now playing on wordplay

July 23, 2013

 

I am a guest on Wordplay stop by and hit the Scripts forum to chat about the biz end of film writing.

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sick twisted bastards

September 11, 2012

 

I had this —

Sick twisted bastard of a yoga instructor tonight.  I swear this guy used to reign over the Fifth Circle of Hell but he was too rough on people so they cast him out and he ended up at my yoga studio.  He didn’t just make us do terrible hard things, he made jokes while he was doing it and laughed because he knew how hard the things he was making us do were.

After I limped home and was licking my wounds thinking how damn hard that session was, and thinking, Yeah, but you’ll go back to that guy’s class, damn him, because no matter how hard it was, it was good —

It occurred to me that is quite possibly how my students think about me.  I’m not easy.  My classes are hard.  Some of them extremely hard.  I know it.  And I make jokes.  They are not mean or derogatory jokes, they are basically saying, Yeah, I feel your pain, but you still have to get that knee over that left ear so let’s go.  But they are still jokes.

There is a shirt, “I Survived Max Adams’ Structural Writing.” That shirt totally started out as a joke.  Except —

People who finish Structural Writing buy that shirt.  It’s not a joke any more.  That shirt has turned into some sort of medal of honor.

My students come back.  But after tonight, I wonder if it is maybe for a different reason than I used to think.  Damn.  I’m the sick twisted bastard instructor.

How did THAT happen?

Excuse me now, I have to go soak in a tub of hot water.

 


*If you do not recognize the image above, it is from Legend, Tim Curry plays a great sick twisted bastard.

*Structural Writing is only open to people who have taken previous AFW classes so don’t get all het up and try to jump in there first — I won’t let you — go look at other classes.  Like High Concept Writing and The Art of the Pitch.  Those are both coming up in a week and are good precursors.

 

pitch frenzy

September 5, 2012

 

So here —

Is how this is going to go down.

[It always goes down like this.]

I have these two classes opening September 18th.

One is The Art of the Pitch. That’s about learning how to pitch a story so you don’t soil yourself in front of a crowd of spectators.

The other is High Concept Writing. That’s how to work on a story concept so it isn’t the first thing that popped into your head that felt clever at 2 AM on a Friday night with a few beers in you — and you just never got around to maybe bringing it up a notch — before tossing months of your life into the sand pit with it.

Both those classes start September 18th and run through October. Right about the time people start showing up at the Austin Film Festival and pitching ideas in the big pitch rally at Austin Film Festival that sounds like a gauntlet to me but I have never watched it in person because it is just too painful to me to watch people crash and burn like that.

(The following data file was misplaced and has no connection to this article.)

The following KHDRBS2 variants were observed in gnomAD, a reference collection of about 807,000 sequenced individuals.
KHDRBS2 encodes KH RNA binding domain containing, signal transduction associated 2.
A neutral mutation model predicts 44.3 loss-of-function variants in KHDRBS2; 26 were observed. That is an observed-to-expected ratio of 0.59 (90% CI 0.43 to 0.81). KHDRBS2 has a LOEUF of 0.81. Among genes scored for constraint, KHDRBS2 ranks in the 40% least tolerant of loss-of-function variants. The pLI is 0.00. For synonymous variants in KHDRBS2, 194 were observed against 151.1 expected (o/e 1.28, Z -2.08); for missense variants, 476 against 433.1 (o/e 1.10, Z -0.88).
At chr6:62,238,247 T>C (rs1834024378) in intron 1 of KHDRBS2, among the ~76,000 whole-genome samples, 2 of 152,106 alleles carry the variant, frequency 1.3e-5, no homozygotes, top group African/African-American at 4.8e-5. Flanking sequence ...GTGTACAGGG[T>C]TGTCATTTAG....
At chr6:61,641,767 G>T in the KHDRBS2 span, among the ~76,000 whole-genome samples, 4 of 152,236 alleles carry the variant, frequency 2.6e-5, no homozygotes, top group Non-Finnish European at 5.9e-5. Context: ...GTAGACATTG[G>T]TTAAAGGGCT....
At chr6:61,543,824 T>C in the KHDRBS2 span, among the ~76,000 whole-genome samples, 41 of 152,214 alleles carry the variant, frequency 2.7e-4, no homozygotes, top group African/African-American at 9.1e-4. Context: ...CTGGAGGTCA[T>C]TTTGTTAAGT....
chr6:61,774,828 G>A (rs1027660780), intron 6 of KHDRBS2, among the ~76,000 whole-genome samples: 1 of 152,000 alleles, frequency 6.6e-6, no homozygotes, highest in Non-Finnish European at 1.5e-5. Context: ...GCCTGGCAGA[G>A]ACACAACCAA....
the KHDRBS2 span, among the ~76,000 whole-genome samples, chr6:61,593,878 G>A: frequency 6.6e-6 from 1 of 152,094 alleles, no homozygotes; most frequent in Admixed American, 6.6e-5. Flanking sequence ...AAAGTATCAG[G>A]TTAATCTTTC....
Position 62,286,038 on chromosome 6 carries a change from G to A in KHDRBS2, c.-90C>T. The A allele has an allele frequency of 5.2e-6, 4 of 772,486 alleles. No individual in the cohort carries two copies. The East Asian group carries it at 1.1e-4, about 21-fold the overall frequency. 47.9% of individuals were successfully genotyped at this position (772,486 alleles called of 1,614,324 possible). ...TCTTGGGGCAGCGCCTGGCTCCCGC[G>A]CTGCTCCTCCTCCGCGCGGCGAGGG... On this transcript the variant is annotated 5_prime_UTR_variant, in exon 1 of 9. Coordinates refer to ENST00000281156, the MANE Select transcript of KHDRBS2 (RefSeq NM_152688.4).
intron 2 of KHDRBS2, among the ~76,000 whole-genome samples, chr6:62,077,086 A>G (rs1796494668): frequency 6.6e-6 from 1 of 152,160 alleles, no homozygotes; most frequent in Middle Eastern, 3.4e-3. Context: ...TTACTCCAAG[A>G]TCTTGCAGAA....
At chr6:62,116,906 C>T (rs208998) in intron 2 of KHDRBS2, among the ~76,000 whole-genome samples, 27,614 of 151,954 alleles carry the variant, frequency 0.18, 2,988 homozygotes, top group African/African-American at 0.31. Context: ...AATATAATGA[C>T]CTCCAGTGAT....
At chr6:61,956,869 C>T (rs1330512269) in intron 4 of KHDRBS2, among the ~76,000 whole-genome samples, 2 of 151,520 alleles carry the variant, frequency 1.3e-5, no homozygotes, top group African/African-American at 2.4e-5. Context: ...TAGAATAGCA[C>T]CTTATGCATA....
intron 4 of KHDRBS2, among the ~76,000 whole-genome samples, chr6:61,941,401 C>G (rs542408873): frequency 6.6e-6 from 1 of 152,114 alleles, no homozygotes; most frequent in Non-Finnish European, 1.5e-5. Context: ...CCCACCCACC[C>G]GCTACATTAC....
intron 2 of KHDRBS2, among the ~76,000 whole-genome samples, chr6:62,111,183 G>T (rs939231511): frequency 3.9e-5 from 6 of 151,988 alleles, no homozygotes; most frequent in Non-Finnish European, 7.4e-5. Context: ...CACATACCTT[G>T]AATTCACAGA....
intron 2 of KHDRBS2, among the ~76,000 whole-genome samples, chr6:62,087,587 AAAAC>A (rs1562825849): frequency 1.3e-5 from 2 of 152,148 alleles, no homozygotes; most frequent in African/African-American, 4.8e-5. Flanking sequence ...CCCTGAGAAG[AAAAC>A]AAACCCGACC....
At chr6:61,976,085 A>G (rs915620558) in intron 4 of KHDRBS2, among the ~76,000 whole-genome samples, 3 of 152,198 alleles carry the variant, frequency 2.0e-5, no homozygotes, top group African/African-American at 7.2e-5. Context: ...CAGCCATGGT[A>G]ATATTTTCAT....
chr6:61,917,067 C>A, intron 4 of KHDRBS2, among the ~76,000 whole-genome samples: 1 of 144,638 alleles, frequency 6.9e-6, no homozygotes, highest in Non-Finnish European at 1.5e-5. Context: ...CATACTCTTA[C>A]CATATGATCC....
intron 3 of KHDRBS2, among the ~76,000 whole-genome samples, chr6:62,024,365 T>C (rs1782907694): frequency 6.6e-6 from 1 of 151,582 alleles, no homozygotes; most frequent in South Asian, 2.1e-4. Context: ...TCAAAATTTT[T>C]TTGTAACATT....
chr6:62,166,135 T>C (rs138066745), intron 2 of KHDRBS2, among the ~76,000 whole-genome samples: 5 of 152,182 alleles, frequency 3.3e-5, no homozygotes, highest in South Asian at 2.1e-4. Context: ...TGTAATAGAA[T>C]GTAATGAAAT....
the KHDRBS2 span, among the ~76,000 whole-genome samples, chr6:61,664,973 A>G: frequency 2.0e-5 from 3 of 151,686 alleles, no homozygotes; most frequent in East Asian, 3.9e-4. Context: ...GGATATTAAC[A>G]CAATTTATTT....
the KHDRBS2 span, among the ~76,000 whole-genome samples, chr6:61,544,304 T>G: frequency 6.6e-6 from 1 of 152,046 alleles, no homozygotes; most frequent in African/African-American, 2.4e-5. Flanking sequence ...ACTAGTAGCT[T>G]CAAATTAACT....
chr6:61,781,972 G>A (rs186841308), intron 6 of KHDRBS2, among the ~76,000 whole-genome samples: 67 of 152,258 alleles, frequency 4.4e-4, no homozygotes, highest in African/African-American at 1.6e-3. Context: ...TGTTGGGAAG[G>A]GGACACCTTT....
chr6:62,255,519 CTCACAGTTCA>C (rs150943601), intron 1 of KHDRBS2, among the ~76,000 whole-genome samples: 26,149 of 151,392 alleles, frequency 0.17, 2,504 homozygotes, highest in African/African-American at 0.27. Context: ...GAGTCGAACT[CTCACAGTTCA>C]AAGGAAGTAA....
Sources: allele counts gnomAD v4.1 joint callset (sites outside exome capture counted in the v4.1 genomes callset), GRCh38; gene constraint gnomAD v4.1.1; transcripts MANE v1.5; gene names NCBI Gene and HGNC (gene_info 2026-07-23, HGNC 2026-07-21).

What will invariably happen is right about the time these classes are coming to an end, someone [or several someone’s] will email me in a panic, getting geared up for the pitch event at AFF, and want me to drop everything and leap to help [with no time to do it in] with a pitch –- most likely on a concept that wasn’t thought out all that well before starting the script in the first place.

And I’ll say, Look, I teach a class on this, Why didn’t you take the class? That would have given you five to six weeks to work on the pitch with me before this came up. Or better yet, to work on the story so you had a story worth pitching here? Now you’ve got three days, who do you think I am, Anne Sullivan?

[Even Anne Sullivan got more than three days.]

And they won’t have a good answer.

Don’t be one of those people. Go sign up for the pitch class.

 



Two January classes, The Art of the Pitch and Visual Writing, start January 10th.

There are a couple seats left if you act fast:

 


VISUAL WRITING

Begins January 10, 2012

Visual Writing | Putting Vision Back Into Viewing | Online 6 Week Master Course | Start Date : 01.10.12 |

MAKE YOUR READERS “SEE” YOUR MOVIE: You will learn how to use the visual elements space, light, and texture to create locations and scenes readers can “see”; how to establish and utilize perspective in scenes and sequences to make a script visually dynamic; how to create and utilize perspective; techniques to make characters visually dynamic and “real” for readers; techniques to juxtapose exterior and interior visuals to create visually dynamic motion and space on the film screen; and more….

Instructor | Max Adams

Reading Material | supplied in class forum & library. Some outside material is linked to.

Viewing Materials | posted or available via Netflix, iTunes, YouTube or your friendly neighborhood video rental.

Weekly Chats | Thursday nights | 8 PM EST.

class seating limit : 12 | a writing sample may be requested prior to acceptance | a course deposit is required for this class
course fee : $375 |

REGISTER TODAY – SEATING IS LIMITED

more info : CLASSES

 


THE ART OF THE PITCH

Begins January 10, 2012

The Art of the Pitch | Pitching Stripped of the Nonsense | Online 6 Week Master Course | Start Date: 01.10.12 |

GET READ AND SELL: You will learn the five essential elements your pitch must contain to sell to producers and studios; the two pitch models; action driven vs. character driven pitching; the six points an elevator pitch must contain to interest a potential buyer — and what an elevator pitch is; how to open; how to close; how to use your story’s turning points to make your story compelling; when film comparisons work — and when they don’t; how to address the specific concerns of different members of the entertainment industry; and how to condense and expand your pitch to take advantage of new pitching opportunities and mediums.

Instructor | Max Adams

Reading Material | supplied in class forum & library. Some outside material is linked to.